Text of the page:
Alternative Medicine in the 19th Century

steam-box-19th-century-medicine-cropEngraving of a man sitting in a steam box, May 1869. Source: Wellcome Images.

Have you ever wondered what non-surgical medicine was like in the nineteenth century? You may already be aware that the until the first use of ether in 1846, surgery was routinely performed without anesthesia—sounds pretty horrific! I decided that I wanted to learn more about how various ailments could have been treated in this era without anything quite so traumatic as surgery.

In my research into alternative nineteenth-century medicine, I came across a book from 1834 titled The Ladies Medical Oracle, or Mrs. Mott’s advice to young females, wives, and mothers by Elizabeth Mott. Mrs. Mott discusses a treatment she calls the Patent Champoo and Medicated Bath, which her husband, Dr. Richard D. Mott, officially patented in 1833. The couple claimed they could cure diseases “hitherto thought incurable” using this contraption.

Similar to the image of the steam box above, a patient using the Medicated Champoo Bath would sit inside an enclosed space—in this case, a canvas tent. Water was heated in a metal container, and the steam was piped into a second container which was filled with the Motts’ proprietary blend of medicinal herbs and vegetables, then piped into the tent for the patient to breathe. According to the Motts, this method of treatment, in conjunction with their remedies, rest, and other preventative measures, could cure almost any disease.

Throughout her book, Mrs. Mott notes that the best method to cure disease is to start with an understanding of the disease and how the human body works, and add a little ingenuity. Most of her advice involves maintaining a comfortable temperature (she is constantly warning against moving from a warm bed into a cold bath, or washing with warm water during cold weather), performing low-impact exercises, and doing what can be done to avoid disease. If you do fall ill, The Oracle offers a plethora of holistic remedies: for example, when afflicted with a cold, Mrs. Mott recommends using her Medicated Baths, taking Life Elixir (a mix of herbs with medicinal properties), and resting comfortably.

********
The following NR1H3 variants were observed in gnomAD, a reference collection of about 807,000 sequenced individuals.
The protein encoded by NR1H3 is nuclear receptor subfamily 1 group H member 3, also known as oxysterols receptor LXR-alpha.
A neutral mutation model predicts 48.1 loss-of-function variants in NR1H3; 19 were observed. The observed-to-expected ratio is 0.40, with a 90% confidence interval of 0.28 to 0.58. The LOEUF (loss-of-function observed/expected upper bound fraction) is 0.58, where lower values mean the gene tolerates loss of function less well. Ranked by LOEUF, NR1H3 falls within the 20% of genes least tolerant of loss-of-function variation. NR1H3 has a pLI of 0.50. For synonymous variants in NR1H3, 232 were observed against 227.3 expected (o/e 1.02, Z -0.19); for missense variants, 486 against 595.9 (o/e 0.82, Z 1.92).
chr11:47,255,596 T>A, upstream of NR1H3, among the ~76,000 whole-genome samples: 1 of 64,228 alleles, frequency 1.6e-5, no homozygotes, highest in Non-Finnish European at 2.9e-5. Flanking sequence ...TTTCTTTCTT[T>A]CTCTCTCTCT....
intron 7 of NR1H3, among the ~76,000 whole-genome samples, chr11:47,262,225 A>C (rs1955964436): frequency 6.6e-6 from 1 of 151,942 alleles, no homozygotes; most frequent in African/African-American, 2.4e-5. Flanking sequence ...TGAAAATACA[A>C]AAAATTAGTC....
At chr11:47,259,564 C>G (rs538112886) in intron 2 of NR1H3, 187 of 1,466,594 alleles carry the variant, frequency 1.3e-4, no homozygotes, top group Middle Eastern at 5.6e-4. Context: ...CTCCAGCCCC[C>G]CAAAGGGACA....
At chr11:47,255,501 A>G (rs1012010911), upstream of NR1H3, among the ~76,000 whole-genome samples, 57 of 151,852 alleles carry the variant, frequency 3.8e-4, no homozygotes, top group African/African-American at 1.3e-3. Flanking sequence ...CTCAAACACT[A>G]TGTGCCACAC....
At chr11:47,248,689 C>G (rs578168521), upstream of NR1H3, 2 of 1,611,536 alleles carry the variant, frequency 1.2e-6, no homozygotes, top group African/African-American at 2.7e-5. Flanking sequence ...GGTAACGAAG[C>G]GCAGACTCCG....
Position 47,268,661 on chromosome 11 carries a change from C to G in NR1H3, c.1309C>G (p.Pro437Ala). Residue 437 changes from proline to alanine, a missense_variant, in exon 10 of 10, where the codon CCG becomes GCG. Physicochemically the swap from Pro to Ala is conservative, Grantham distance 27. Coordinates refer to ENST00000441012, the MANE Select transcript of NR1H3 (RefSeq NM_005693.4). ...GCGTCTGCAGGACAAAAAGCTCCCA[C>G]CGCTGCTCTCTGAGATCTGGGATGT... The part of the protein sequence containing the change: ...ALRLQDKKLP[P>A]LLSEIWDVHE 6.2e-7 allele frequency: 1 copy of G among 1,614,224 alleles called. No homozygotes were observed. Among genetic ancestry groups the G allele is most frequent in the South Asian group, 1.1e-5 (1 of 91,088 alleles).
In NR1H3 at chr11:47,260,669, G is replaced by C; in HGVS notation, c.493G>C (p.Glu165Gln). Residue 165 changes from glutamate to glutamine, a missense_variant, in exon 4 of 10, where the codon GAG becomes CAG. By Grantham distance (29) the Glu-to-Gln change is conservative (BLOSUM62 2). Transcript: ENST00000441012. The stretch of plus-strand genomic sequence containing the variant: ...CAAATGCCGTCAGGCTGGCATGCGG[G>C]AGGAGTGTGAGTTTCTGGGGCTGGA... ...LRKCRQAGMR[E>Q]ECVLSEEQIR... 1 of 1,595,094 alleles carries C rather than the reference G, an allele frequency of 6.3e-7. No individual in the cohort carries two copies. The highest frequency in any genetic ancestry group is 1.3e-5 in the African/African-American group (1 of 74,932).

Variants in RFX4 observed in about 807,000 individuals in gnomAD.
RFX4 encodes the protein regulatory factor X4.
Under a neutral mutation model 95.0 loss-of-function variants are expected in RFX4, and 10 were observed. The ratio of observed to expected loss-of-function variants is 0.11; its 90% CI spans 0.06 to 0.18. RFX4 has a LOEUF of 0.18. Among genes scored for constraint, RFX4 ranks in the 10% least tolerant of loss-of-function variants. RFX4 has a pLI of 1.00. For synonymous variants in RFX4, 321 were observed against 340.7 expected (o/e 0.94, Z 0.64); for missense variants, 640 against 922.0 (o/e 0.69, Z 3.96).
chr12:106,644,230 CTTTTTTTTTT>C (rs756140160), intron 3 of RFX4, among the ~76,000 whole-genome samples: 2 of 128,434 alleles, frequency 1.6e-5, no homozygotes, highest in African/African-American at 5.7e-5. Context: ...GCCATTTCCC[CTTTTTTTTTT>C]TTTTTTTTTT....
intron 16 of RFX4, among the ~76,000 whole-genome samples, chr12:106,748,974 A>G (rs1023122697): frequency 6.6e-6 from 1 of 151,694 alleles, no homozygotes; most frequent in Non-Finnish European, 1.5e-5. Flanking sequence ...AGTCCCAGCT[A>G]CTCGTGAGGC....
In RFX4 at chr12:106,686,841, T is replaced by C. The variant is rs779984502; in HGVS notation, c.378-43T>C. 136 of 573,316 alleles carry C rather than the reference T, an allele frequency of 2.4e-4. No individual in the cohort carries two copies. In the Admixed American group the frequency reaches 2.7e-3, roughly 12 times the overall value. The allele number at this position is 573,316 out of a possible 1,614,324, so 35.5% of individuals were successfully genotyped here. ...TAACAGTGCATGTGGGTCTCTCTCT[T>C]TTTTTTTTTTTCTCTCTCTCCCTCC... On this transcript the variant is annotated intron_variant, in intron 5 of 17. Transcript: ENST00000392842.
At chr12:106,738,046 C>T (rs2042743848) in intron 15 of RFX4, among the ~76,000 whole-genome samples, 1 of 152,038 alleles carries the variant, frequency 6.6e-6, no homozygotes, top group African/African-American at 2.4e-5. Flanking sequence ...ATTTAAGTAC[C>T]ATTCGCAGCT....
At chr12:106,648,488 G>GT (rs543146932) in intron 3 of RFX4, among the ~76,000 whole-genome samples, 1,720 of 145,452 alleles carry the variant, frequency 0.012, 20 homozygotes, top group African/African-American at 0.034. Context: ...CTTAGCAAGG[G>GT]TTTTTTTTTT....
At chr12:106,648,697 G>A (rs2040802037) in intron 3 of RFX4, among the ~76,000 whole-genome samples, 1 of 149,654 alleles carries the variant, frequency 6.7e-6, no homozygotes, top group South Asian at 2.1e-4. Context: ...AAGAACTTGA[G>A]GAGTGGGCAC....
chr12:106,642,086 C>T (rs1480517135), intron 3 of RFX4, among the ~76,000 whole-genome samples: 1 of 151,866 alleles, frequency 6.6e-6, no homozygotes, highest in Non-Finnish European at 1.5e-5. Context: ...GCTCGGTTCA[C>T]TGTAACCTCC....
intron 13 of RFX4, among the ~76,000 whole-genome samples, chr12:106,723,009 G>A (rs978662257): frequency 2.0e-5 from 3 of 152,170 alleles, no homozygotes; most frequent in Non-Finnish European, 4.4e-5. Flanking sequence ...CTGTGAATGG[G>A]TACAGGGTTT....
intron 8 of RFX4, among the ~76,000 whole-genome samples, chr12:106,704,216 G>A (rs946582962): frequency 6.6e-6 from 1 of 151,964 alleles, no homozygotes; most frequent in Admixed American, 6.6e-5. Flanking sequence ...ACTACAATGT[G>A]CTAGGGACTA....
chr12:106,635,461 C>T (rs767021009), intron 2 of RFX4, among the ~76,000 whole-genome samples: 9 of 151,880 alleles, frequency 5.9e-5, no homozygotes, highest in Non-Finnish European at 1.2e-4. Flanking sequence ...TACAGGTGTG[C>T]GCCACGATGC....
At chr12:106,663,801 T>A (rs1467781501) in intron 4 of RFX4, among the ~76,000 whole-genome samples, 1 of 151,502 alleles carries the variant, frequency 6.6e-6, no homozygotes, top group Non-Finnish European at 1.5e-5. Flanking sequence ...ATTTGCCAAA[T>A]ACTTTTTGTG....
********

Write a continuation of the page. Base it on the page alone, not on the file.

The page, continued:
Although we often hear about the more invasive and painful medical procedures of the nineteenth century, not all physicians of the era practiced this type of medicine. There were alternative options which focused on natural cures. Holistic medicine, such as using herbal remedies, turning to an all-natural or organic diet, and engaging in low-impact exercises, might seem like a novel idea today, but practitioners like Mrs. and Dr. Mott were promoting this type of treatment and lifestyle as early as the 1830s!


Further Learning

External Database: Popular Medicine in America, 1800-1900 from AM Explorer
This unique collection showcases the development of 'popular' medicine in America during the nineteenth century, through an extensive range of material that was aimed at the general public rather than medical professionals. Explore an array of printed sources, including rare books, pamphlets, trade cards, and visually-rich advertising ephemera. Members of American Ancestors can access this collection from our partner organization.

Free Video: Janice P. Nimura with The Doctors Blackwell: How Two Pioneering Sisters Brought Medicine to Women—and Women to Medicine
This discussion about women in medicine reveals the remarkable lives of Elizabeth and Emily Blackwell, who were two of the first American women to earn medical degrees. Janice P. Nimura’s richly researched biography celebrates and captures the complexity of these pioneers.

Free Video: Pam Fessler with Carville's Cure: Leprosy, Stigma, And The Fight For Justice
Hear from acclaimed broadcast journalist Pam Fessler as she discusses her book on the largely forgotten history of leprosy in the United States, and the “leprosarium” established in 1894 in the town of Carville, Louisiana.



1 Elizabeth Mott, The Ladies’ Medical Oracle: Or, Mrs. Mott’s Advice to Young Females, Wives, and Mothers (Samuel N. Dickinston, 1834), 17-18.

2 "Mrs. Mott" Boston Post, November 2, 1840.

3 "Patent for the Medicated and Champoo Baths" Boston Post, October 14, 1834.

Beck Green

About Beck Green

Beck is a Researcher at American Ancestors. They hold both a B.A. in Public History and a M.A. in Preservation Studies with a concentration in Museum Practices. Their interest in genealogy grew from a fascination with the human aspect of history; the ways in which museum collections are more than just objects on display, they are the result of people connecting with the world around them.View all posts by Beck Green